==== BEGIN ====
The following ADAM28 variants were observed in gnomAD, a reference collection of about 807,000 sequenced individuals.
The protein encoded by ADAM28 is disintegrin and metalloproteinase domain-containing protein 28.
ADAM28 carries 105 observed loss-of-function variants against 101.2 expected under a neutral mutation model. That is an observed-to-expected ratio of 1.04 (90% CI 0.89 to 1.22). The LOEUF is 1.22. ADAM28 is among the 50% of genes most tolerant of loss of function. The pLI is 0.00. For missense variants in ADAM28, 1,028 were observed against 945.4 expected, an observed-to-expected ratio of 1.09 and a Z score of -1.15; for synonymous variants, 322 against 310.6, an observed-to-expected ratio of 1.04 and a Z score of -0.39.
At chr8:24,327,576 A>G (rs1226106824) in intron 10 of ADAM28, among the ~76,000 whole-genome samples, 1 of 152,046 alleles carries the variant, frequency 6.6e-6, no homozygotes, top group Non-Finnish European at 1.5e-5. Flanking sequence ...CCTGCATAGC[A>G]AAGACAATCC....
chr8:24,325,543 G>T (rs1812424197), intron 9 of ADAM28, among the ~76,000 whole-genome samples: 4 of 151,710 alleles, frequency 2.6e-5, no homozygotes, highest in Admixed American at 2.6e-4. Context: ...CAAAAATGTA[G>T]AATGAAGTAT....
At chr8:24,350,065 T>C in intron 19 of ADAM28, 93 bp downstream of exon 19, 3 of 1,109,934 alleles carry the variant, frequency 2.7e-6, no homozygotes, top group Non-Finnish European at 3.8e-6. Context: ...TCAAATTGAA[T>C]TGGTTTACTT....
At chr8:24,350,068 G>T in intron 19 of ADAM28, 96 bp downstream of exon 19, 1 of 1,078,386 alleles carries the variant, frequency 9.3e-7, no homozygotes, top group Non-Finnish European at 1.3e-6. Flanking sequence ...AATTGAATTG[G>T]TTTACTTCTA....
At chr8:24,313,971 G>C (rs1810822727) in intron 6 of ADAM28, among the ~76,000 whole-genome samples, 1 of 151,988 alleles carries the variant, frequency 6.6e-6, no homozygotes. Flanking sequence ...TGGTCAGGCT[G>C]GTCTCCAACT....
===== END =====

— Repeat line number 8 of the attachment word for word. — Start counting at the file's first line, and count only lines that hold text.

At chr8:24,313,971 G>C (rs1810822727) in intron 6 of ADAM28, among the ~76,000 whole-genome samples, 1 of 151,988 alleles carries the variant, frequency 6.6e-6, no homozygotes. Flanking sequence ...TGGTCAGGCT[G>C]GTCTCCAACT....